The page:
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Sunlight streamed through the panes on the left as she walked down the corridor. On the right was a row of classrooms. Those with windows facing the hallway were reserved for the youngest students, the glass allowing parents whose curiosity bettered them to sneak a peek at their blossoming scholars in action.

Though she couldn’t distinguish the source, nausea permeated her stomach and her chest tightened. She had no particular cause for concern, yet she felt apprehension around what might be said. Siena was a quiet child who kept to herself in group situations, sometimes to the point of withdrawal. The kid was really smart, though, and able to read people and situations with the keen observance of a much older, wiser girl. She finally reached Siena’s teacher, they shook hands, and she braced herself for whatever might come next.

They sat. And on the table in front of them was a portfolio of Siena’s work, an encapsulated view of the four-year-old’s educational accomplishments.

The cover was flipped and landed lightly on the table. “You know,” the teacher began, “Siena is an unusual child.” There was a five-second pause that seemed much longer. And the teacher continued, “I believe Siena is gifted—profoundly gifted.” There were several more tense moments before the teacher broke the silence again, “That’s a good thing—really—a very good thing.”


It was strange sitting in front of her computer typing the words “gifted child.” How had she gotten here? The last thing she expected, an idea not even close to being on her radar, was now staring her in the eyes. Sure, Siena was advanced, able to do things children several years older were just learning to do. But that was merely her personality; that wasn’t “gifted.” Gifted was Bobby Fischer, Mozart, Van Gogh—tortured souls whose brilliance led them to greatness or drove them to insanity, or both.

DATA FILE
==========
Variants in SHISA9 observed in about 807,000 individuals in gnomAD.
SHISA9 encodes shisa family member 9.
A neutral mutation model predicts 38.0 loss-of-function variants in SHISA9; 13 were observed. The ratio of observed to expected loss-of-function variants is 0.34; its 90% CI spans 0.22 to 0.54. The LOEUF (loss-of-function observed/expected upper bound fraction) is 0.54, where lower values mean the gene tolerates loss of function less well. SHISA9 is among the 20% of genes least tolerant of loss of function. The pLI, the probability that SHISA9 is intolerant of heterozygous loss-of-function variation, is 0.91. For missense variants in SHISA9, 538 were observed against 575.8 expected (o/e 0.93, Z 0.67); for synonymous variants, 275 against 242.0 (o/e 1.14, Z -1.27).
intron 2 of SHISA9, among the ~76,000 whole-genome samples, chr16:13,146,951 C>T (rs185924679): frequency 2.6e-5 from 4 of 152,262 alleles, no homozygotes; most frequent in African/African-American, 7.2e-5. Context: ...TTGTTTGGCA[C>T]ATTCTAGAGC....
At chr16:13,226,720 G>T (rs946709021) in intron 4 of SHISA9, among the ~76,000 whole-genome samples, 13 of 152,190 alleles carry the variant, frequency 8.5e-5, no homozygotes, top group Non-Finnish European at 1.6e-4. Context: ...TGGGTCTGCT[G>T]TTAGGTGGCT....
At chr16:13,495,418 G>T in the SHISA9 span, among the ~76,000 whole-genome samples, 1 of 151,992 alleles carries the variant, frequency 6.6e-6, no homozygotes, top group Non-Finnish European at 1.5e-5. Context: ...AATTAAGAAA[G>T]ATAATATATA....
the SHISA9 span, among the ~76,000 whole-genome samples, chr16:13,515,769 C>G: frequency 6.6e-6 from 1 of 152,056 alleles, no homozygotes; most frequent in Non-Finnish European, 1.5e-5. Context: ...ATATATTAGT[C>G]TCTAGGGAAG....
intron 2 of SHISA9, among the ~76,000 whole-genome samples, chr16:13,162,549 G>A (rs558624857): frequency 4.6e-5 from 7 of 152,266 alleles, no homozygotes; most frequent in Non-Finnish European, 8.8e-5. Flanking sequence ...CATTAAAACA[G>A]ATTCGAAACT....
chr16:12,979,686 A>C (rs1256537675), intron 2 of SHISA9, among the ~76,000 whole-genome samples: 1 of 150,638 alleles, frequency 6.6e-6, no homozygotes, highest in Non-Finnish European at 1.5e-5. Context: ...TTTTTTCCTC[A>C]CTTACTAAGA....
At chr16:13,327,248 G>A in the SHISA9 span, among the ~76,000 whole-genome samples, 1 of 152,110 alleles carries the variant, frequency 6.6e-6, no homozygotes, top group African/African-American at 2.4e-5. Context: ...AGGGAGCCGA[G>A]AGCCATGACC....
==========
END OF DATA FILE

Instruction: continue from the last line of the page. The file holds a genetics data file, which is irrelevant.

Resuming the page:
Seeking to solve the enigma of Siena led her to the clues that would help her unravel her own mystery—the one that had plagued her for years. She began to research—the characteristics of giftedness (yep, Siena had most of those), the intensities (you bet, Siena had a fistful), battles with perfectionism (um, sure). She was quickly faced with not just Siena but herself. (If a mother shrieks and no one hears it, does that shriek still occur?) Suddenly, the confusion cleared, the school misfit fell into place, and the wrong thinking seemed right.

Now, as she typed quickly and read intently, she found she wasn’t alone. There were others like her, and resources to explain her and these others to themselves. Where before she felt powerless to the whims of the forces within her mind, she was now beginning to understand the whirlwind that arose seemingly from nowhere, wreaking havoc and leaving rubble in the wake of her once steady thought process.

She knew that further investigation would be required to understand both Siena and herself. But, sparked by one teacher’s observations and her own urgent inquisitiveness, she found that, after years of feeling like a cold case, she was reopened with fascinating leads to pursue.


Looking for leads of your own, start here:

This post is part of the Hoagies’ Gifted Education Blog Hop, 
Mysteries: The Weird Stuff.”  To read other contributions, please click on the graphic below or copy and paste the following URL into your search bar:

www.HoagiesGifted.org/blog_hop_mysteries_of_the_brain.htm


Thanks to Pamela S. Ryan for the great graphic!
 


Comments

Wenda Sheard
06/01/2016 3:35pm

Boy, oh, boy, can I relate to Siena's mom, her feelings, and her research efforts. Thanks for writing a blog post to help those beginning the journey with their young ones.

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Missy Brinkmeyer
06/01/2016 9:48pm

I too was looking to help a child when i found the reading to begin to make my heart beat faster. I began to make more sense or feel okay about myself.
Thank you for the reflection.
Living With Intensity and Misdiagnosis and Dual Diagnoses of Gifted Children and Adults (James T Webb), I found hugely resonating.

Thank you,x

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